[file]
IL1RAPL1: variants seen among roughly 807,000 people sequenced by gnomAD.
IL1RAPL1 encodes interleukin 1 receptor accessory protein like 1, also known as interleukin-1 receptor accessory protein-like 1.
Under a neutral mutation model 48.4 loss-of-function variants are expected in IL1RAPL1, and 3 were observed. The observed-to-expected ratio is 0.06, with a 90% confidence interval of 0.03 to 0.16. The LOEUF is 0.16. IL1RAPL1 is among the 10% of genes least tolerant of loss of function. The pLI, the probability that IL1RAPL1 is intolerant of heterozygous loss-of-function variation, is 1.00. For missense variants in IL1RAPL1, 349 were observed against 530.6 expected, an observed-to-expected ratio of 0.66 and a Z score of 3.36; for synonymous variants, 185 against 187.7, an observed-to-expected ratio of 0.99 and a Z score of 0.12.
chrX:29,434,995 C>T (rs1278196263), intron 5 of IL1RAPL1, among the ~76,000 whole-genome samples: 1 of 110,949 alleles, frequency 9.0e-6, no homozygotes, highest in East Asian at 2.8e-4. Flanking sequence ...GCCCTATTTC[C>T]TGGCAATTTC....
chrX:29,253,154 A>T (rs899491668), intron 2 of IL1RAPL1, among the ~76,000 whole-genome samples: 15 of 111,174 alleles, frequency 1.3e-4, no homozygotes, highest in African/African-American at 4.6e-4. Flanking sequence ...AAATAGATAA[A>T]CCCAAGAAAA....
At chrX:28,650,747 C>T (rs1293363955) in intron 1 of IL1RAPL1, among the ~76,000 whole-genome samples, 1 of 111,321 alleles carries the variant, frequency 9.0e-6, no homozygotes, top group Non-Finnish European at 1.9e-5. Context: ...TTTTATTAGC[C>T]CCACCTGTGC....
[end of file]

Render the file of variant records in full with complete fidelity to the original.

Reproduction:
IL1RAPL1: variants seen among roughly 807,000 people sequenced by gnomAD.
IL1RAPL1 encodes interleukin 1 receptor accessory protein like 1, also known as interleukin-1 receptor accessory protein-like 1.
Under a neutral mutation model 48.4 loss-of-function variants are expected in IL1RAPL1, and 3 were observed. The observed-to-expected ratio is 0.06, with a 90% confidence interval of 0.03 to 0.16. The LOEUF is 0.16. IL1RAPL1 is among the 10% of genes least tolerant of loss of function. The pLI, the probability that IL1RAPL1 is intolerant of heterozygous loss-of-function variation, is 1.00. For missense variants in IL1RAPL1, 349 were observed against 530.6 expected, an observed-to-expected ratio of 0.66 and a Z score of 3.36; for synonymous variants, 185 against 187.7, an observed-to-expected ratio of 0.99 and a Z score of 0.12.
chrX:29,434,995 C>T (rs1278196263), intron 5 of IL1RAPL1, among the ~76,000 whole-genome samples: 1 of 110,949 alleles, frequency 9.0e-6, no homozygotes, highest in East Asian at 2.8e-4. Flanking sequence ...GCCCTATTTC[C>T]TGGCAATTTC....
chrX:29,253,154 A>T (rs899491668), intron 2 of IL1RAPL1, among the ~76,000 whole-genome samples: 15 of 111,174 alleles, frequency 1.3e-4, no homozygotes, highest in African/African-American at 4.6e-4. Flanking sequence ...AAATAGATAA[A>T]CCCAAGAAAA....
At chrX:28,650,747 C>T (rs1293363955) in intron 1 of IL1RAPL1, among the ~76,000 whole-genome samples, 1 of 111,321 alleles carries the variant, frequency 9.0e-6, no homozygotes, top group Non-Finnish European at 1.9e-5. Context: ...TTTTATTAGC[C>T]CCACCTGTGC....